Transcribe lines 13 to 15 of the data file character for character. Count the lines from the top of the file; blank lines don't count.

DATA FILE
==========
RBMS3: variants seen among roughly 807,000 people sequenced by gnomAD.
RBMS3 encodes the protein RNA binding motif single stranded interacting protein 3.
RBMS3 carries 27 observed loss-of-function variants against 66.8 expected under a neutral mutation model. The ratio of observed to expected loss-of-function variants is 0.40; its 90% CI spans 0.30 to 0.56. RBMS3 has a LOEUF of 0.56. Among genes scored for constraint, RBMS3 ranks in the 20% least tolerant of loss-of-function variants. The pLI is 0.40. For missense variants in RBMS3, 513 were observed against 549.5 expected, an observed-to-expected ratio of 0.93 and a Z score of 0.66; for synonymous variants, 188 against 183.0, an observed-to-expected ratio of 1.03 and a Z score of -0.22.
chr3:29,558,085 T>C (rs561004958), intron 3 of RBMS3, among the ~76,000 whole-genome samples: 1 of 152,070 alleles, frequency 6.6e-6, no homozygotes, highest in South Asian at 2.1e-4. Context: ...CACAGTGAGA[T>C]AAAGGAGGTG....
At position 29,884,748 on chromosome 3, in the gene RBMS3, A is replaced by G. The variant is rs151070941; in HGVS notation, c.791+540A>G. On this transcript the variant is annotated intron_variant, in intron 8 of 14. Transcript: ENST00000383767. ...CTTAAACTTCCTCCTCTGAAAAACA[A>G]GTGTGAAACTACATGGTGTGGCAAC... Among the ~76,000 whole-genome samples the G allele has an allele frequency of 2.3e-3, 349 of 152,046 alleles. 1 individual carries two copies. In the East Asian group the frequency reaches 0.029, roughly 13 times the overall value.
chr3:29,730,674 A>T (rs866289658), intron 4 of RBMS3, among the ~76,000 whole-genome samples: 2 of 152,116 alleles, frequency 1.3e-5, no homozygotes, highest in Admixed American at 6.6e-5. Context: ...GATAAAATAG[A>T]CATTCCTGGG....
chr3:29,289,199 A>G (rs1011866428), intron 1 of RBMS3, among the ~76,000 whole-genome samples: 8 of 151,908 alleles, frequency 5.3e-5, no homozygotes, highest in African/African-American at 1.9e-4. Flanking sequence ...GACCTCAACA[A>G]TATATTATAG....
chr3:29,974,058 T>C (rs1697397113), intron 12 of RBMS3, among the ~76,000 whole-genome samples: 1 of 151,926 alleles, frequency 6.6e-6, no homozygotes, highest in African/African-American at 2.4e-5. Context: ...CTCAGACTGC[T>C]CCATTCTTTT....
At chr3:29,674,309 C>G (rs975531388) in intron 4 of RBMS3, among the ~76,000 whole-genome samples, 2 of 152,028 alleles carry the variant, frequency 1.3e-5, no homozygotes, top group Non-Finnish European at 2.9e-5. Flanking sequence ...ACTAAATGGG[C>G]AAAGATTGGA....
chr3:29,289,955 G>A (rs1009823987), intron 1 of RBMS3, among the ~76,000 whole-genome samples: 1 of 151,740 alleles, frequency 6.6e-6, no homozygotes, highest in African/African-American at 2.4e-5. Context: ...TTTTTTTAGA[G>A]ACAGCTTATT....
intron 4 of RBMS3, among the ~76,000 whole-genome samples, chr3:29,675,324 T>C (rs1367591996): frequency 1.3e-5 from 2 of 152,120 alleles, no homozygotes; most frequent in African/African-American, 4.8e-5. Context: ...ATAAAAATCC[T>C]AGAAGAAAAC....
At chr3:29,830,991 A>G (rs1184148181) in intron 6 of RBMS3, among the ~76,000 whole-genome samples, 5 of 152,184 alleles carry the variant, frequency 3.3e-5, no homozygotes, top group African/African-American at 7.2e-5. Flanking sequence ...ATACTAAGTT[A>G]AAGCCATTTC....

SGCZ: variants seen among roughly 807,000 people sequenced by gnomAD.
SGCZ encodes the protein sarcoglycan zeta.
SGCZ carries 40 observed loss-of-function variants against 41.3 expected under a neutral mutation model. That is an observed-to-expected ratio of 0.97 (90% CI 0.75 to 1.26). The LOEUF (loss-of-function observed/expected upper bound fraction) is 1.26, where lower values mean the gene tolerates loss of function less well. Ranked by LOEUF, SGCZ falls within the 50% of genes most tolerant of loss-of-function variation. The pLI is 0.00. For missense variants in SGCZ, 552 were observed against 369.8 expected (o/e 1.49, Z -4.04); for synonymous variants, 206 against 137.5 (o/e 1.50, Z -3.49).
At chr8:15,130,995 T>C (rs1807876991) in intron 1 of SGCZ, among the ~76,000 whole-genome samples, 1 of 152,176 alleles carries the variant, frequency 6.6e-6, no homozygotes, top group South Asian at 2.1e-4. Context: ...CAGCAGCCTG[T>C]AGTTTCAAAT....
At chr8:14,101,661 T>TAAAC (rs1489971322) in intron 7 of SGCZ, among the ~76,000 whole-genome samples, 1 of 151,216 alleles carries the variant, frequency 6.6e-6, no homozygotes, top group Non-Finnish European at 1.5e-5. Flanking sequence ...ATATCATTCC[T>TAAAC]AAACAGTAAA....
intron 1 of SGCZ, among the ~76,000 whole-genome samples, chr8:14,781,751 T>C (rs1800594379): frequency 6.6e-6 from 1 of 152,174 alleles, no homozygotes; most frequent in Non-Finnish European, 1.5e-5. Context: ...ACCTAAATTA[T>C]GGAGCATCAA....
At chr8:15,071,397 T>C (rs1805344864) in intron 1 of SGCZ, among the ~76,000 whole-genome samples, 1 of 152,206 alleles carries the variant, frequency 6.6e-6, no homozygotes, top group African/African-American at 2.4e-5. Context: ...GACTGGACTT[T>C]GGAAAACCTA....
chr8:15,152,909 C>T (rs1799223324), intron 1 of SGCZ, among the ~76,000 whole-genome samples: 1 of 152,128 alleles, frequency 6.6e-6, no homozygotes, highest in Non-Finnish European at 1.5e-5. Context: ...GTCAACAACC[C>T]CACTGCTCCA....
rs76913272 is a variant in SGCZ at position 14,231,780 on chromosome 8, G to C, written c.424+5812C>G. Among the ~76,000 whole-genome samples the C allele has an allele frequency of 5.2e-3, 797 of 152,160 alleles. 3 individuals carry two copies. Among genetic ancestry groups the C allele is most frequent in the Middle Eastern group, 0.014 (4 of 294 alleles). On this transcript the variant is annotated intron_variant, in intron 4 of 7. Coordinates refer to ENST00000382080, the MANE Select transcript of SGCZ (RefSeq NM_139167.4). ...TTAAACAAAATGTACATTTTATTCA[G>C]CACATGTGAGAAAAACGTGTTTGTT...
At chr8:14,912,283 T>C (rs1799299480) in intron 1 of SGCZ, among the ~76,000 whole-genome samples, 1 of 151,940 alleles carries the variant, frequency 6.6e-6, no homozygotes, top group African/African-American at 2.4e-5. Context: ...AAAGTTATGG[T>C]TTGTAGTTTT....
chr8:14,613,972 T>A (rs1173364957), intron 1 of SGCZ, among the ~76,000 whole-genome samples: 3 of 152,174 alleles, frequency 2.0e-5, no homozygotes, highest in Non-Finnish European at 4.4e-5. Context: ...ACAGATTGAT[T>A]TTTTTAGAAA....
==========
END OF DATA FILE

SGCZ: variants seen among roughly 807,000 people sequenced by gnomAD.
SGCZ encodes the protein sarcoglycan zeta.
SGCZ carries 40 observed loss-of-function variants against 41.3 expected under a neutral mutation model. That is an observed-to-expected ratio of 0.97 (90% CI 0.75 to 1.26). The LOEUF (loss-of-function observed/expected upper bound fraction) is 1.26, where lower values mean the gene tolerates loss of function less well. Ranked by LOEUF, SGCZ falls within the 50% of genes most tolerant of loss-of-function variation. The pLI is 0.00. For missense variants in SGCZ, 552 were observed against 369.8 expected (o/e 1.49, Z -4.04); for synonymous variants, 206 against 137.5 (o/e 1.50, Z -3.49).